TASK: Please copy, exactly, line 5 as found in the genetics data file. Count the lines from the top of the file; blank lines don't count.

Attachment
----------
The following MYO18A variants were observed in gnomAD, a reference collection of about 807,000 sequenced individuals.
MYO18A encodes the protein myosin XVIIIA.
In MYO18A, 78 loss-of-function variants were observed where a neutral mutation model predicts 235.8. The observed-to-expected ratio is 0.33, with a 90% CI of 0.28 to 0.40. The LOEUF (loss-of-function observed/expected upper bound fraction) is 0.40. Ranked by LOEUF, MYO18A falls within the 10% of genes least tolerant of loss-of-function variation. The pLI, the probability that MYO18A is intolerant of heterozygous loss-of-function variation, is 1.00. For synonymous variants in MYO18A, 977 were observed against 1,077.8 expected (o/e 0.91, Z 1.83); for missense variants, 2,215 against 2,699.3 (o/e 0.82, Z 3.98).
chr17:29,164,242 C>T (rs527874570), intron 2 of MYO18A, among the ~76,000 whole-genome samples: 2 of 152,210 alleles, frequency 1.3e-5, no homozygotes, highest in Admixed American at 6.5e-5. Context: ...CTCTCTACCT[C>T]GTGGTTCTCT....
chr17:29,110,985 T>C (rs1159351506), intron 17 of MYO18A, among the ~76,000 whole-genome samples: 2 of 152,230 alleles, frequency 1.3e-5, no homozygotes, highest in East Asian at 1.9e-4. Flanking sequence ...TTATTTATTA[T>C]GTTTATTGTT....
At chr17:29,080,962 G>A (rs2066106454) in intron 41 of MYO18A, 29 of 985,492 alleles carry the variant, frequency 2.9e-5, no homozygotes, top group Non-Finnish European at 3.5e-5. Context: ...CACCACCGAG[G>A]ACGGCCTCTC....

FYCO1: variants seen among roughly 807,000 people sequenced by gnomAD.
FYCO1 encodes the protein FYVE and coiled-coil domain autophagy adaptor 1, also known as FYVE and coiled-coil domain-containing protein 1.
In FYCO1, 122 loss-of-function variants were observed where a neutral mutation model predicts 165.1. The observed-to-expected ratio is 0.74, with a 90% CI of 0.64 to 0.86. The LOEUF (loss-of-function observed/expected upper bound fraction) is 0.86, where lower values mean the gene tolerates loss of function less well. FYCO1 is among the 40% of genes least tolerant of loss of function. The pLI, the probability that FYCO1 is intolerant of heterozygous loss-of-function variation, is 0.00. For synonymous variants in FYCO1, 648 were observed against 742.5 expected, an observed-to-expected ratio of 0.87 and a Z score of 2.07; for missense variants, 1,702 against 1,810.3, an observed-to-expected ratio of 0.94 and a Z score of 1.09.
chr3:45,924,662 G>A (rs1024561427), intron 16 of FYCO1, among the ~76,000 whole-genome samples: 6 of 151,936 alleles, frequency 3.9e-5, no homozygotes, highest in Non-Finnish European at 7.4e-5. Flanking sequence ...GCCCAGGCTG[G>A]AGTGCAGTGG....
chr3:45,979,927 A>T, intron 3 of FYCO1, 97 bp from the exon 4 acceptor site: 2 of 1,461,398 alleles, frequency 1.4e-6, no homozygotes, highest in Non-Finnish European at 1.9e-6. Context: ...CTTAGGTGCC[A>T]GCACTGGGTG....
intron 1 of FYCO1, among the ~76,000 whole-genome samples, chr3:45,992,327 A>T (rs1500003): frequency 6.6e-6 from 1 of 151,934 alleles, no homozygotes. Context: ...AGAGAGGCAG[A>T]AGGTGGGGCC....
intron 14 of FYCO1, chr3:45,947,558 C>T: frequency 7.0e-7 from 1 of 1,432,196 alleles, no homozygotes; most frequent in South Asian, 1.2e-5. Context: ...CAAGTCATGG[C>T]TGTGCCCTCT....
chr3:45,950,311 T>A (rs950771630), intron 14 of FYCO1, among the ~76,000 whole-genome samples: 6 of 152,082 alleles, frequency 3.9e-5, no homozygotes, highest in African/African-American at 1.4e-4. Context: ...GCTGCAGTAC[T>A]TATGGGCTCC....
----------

chr17:29,110,985 T>C (rs1159351506), intron 17 of MYO18A, among the ~76,000 whole-genome samples: 2 of 152,230 alleles, frequency 1.3e-5, no homozygotes, highest in East Asian at 1.9e-4. Flanking sequence ...TTATTTATTA[T>C]GTTTATTGTT....